He was more interested in reducing the cost invested in delivering their services as much as possible, even if it comes at the detriment of the value created to the consumer (end user) of their services. He wanted to make tremendous profits by any means. He was more interested in how the company creates value in the financial markets. It was no wonder the company was performing very well in the financial markets. The financial power he created for the company made him a favourite of the company’s chairman and board of directors. No one questioned him about the quality and safety delivered to the clients.

The company’s stock value was one of the top three in the financial markets. Their services were provided to clients cheaply. There was a slogan in the company that goes like, do more with less. The more, in this case, is the revenue for the company. The company reduced the number of people working on their projects. The company staff was encouraged to take shortcuts through positive appraisal and financial rewards. There was less focus on doing things right. Adequate quality and safety controls and checks were not a priority as long as the money flowed into the company’s purse. Thus, the company staff was not interested in finding errors and fixing them because the senior management did not appreciate such practices. Everything was about saving time and cost instead of solving problems that could hinder the delivery of value to the consumer (end user) of the company’s services.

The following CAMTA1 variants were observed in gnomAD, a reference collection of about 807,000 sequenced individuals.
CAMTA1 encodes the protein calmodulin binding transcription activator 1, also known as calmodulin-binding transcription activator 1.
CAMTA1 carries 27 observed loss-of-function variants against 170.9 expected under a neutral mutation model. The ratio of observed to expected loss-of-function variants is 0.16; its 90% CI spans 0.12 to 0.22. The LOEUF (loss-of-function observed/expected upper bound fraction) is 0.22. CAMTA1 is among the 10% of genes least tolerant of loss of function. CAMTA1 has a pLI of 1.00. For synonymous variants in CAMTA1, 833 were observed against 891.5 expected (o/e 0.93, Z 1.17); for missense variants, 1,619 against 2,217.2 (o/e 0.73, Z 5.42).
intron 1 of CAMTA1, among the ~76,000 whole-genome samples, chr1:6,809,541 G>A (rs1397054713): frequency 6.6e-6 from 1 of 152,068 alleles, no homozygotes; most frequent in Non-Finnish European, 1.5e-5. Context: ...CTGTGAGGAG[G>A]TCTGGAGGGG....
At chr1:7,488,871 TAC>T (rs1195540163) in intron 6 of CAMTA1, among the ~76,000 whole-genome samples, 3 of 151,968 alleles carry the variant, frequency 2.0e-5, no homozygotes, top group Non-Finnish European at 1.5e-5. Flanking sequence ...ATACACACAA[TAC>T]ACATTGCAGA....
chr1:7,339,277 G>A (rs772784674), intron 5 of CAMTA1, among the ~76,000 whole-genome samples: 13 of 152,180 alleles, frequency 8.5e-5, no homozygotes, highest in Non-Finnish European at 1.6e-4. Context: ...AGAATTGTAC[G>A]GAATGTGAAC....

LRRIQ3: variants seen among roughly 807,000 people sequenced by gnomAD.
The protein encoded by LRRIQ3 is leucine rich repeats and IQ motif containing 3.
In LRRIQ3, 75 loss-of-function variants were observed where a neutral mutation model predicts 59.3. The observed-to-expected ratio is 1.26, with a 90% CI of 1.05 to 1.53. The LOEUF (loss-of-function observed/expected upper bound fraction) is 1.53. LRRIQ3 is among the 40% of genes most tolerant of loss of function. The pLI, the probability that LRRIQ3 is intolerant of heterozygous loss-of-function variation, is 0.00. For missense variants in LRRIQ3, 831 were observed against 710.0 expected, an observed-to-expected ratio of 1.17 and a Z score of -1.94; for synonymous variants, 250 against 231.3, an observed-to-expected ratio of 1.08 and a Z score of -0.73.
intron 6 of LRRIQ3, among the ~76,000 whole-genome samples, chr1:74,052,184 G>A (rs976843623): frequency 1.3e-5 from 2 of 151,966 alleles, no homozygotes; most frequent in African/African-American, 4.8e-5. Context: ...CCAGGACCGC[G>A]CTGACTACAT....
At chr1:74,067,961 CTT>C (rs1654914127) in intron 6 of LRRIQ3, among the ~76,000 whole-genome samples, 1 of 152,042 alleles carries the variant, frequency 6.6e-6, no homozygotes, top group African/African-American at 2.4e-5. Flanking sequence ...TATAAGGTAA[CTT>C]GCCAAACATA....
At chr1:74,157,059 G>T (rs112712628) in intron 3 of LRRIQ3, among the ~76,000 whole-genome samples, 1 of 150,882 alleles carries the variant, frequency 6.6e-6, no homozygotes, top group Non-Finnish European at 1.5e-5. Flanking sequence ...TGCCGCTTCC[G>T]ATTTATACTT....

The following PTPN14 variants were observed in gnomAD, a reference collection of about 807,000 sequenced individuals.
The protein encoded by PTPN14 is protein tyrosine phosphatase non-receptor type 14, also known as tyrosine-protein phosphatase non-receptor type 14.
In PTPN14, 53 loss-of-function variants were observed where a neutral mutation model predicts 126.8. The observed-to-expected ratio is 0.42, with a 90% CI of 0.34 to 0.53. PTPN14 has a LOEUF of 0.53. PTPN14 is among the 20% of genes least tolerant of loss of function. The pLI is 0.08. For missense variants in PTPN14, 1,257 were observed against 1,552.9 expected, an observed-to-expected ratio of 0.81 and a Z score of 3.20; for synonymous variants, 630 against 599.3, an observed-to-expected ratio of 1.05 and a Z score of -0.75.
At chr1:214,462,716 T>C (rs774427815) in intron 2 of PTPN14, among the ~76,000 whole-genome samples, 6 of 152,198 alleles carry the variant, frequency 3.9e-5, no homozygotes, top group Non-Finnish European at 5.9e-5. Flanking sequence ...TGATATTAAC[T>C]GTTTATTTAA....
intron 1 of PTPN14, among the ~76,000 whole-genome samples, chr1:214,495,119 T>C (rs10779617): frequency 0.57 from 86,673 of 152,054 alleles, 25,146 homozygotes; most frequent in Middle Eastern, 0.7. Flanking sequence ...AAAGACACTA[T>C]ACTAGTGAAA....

A position for quality manager became open at Baresi Construction Private Ltd when the quality manager, Mrs. Mary Bella, resigned six months after joining the company.  She was demanding problems to be solved before work could proceed. Office politics set in. She was taken out of the picture in many of the work processes decision-making she was supposed to be managing. She decided to resign when she did not get support from the senior management. She did not even get support from quality inspectors reporting to her.